So, with that in mind, let’s unpack Kelly’s five-step workflow.
The “People Matter” Workflow
1. Respond to every email within hours of receiving it.
The key to this step is remembering the goal. Whether or not you’re able to answer people’s questions, you want them to know they matter, and they’re not being ignored. So, even if you don’t have a full answer, send off a quick response to let senders know you received their emails and will be getting back to them as soon as possible.
In her article, “5 easy steps to achieve Inbox Zero,” Yessi Bello Perez says, “Fight the urge to decorate your emails with superfluous detail, so as to complete your replies quicker.” Instead, where appropriate, she recommends writing “a maximum of five sentences, including your greeting and sign off.”
2. Decide what the next step for that email is.
Once you’ve responded to an email, ask yourself the following questions:
• Have I fully responded to this email, no further action required?
• Does my response require additional research or resources?
• Should this email be forwarded to someone with more knowledge about the topic?
3. Determine a timeline for what the email is requesting.
Some emails you receive may be time sensitive, and others can wait while you attend to more urgent requests. This step allows you to triage emails and make a plan for when you need to provide a response. Sometimes senders make this easy for you by saying things like “Please respond within a week.” Other times, you’ll need to figure it out for yourself. In any case, remembering that people matter provides the motivation for planning a timeline that’s considerate to senders.
4. Add the email to a task list.
Tools like Google Tasks are a handy way to keep track of emails that require research and follow-up. In Gmail, you can simply select “add to tasks,” and the email will be added to your list. You can even add emails to your Google Calendar.
Another option is to use project management software like Asana to create a task list for emails. Whichever method you choose, make sure it helps you stay on track and respond in a timely fashion.
5. Place the email in an appropriate folder.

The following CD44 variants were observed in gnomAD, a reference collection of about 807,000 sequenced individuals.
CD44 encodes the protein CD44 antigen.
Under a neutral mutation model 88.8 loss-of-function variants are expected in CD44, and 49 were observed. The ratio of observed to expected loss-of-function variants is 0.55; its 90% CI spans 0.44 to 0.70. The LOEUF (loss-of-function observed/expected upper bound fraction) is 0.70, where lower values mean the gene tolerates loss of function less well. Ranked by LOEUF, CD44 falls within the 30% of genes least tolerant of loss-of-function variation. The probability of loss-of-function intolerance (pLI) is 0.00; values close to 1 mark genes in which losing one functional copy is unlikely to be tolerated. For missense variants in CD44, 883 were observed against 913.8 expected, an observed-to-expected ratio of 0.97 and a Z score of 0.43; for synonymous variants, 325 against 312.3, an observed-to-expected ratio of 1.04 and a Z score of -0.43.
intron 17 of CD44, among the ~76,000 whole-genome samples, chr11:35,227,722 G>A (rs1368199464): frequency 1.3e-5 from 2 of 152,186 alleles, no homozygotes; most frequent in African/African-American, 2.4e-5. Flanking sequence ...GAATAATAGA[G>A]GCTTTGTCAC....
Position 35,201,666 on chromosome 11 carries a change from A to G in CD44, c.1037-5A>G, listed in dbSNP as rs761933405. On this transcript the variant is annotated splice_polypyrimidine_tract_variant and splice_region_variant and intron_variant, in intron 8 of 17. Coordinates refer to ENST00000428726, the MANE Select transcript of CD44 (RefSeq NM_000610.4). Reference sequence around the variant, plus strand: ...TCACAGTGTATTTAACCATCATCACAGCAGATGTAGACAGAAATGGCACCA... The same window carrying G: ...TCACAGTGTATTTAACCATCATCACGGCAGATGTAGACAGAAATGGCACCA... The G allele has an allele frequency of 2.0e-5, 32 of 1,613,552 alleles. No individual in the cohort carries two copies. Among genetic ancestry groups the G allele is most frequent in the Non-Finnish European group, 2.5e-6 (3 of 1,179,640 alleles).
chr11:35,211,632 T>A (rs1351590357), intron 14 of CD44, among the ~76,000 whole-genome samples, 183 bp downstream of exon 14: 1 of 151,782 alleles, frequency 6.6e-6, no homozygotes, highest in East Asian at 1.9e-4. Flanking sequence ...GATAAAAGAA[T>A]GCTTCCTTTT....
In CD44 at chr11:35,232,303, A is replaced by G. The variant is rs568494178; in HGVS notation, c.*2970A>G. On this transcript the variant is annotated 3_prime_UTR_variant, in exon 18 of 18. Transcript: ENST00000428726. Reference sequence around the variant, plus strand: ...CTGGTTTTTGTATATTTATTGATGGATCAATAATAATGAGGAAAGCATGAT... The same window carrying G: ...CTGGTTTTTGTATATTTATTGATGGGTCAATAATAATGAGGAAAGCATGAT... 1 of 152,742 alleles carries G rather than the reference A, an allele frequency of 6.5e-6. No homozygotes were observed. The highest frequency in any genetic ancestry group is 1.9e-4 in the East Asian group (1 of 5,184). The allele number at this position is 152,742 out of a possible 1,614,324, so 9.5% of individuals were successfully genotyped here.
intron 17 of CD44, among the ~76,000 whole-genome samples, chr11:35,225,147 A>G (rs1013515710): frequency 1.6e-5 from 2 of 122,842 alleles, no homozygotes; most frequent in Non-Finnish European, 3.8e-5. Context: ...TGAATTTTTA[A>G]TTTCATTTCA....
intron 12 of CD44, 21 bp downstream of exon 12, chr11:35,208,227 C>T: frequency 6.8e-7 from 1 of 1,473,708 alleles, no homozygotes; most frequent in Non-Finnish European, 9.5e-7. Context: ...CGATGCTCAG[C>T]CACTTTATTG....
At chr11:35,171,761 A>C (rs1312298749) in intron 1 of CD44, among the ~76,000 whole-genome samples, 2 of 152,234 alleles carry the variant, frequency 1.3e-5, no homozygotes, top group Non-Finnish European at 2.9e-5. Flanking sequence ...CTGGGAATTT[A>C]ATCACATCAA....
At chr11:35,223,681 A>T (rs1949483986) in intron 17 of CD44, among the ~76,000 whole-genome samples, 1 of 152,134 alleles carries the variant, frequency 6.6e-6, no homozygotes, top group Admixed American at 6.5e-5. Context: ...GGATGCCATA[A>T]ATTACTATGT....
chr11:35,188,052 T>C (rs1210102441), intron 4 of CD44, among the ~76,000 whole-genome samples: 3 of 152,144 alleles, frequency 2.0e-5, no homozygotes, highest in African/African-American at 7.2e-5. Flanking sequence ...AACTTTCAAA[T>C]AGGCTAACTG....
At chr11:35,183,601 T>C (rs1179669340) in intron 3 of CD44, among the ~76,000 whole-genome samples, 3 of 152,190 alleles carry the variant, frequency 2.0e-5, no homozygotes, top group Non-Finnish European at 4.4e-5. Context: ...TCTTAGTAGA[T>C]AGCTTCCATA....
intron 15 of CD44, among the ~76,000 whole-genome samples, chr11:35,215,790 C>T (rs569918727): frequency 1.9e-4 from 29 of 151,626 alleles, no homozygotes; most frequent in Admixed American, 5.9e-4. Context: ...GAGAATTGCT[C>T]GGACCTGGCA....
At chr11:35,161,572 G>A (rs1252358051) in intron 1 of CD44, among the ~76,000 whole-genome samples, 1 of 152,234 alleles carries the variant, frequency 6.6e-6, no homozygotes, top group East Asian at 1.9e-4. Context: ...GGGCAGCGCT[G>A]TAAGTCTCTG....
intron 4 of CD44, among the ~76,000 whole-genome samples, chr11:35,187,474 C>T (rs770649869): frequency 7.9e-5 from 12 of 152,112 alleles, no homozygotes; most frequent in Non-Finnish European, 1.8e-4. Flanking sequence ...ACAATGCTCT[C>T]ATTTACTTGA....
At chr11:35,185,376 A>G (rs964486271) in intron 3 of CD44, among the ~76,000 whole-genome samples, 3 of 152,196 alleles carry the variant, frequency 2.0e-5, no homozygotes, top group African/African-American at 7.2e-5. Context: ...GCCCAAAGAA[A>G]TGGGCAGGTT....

Now, all these emails you’re receiving are taking up space in your inbox and can quickly become overwhelming. To empty the inbox, Kelly recommends moving emails to an appropriate folder. If you’ve added them to a task list, you don’t have to worry about forgetting to follow up on responses.
The article above has some great suggestions for the six folders an entrepreneur will need:
“Weekly review: For emails we don’t want to read immediately, but should review by the end of the week.
Backlog: For emails that simply aren’t a current priority that we should revisit eventually.
Action required: For emails that require us to complete a task or follow up.
Awaiting response: For emails that we expect important responses to.
Delegated: For emails we’ve delegated to others.
Archived: For emails we want out of our inbox without deleting them entirely.”
Strategies for Handling Email Subscriptions
In my interview with Kelly, I also asked her how she deals with the multitude of emails that arrive from subscriptions to promotional emails, newsletters, articles, etc. Simply unsubscribing from them is not always realistic because some are valuable and worth saving for later.
Here are three strategies she suggested:
1. Promotional emails
If she’s not interested, which means she doesn’t give them a second glance, instead of going with the knee-jerk reaction to delete so it just lands in her inbox again, she takes the extra second to unsubscribe or click “spam.”
2. Newsletters and articles
She creates a system of filing based on the level of importance, but with a plan to review these folders consistently so they don’t just become the catch-all folder reminding you of all that you have to read. If she hasn’t read an email within 30 days, she needs to do something with it, and often at that point, it is deleted.
3. Emails of long-term value
When you receive emails you want to hold on to for future reference or many other reasons, create a long-term folder where you can save them indefinitely.
And if you find yourself overwhelmed by the number of email subscriptions you’re handling, consider taking Emily Bonnie’s advice in her article, “Email Management: 10 Clever Tricks to Hit Inbox Zero.” She recommends using an app like Unroll.me that lets you review all your newsletters and email subscriptions in one daily digest. She also suggests using an RSS reader like Feedly or Inoreader to follow blogs instead of having them sent to your email inbox.
Final Thoughts and Encouragement
And there you have it — a quick guide to achieving inbox zero! The steps and strategies show that this achievement is not out of reach. Rather, it’s integral to not only your productivity, but also your relationship with clients, colleagues, and anyone else who’s sending you emails.
As we end this article (and as I don my scuba gear to dive into my cluttered inbox), let’s hold on to Kelly’s wise words and encouragement:
“… The run towards “Inbox Zero” on a daily basis was only about one thing — people! People mattered! Customers mattered…. So a “zero inbox” was an assurance in knowing that I had connected with each and every person that reached out to me so they knew someone was listening and taking action.”
Now we’d love to hear from you. Have you been able to achieve inbox zero? If so, what strategies have worked for you? And if not, do you feel the strategies we’ve listed in this article will help you create a manageable workflow? Please share your thoughts in the comments below!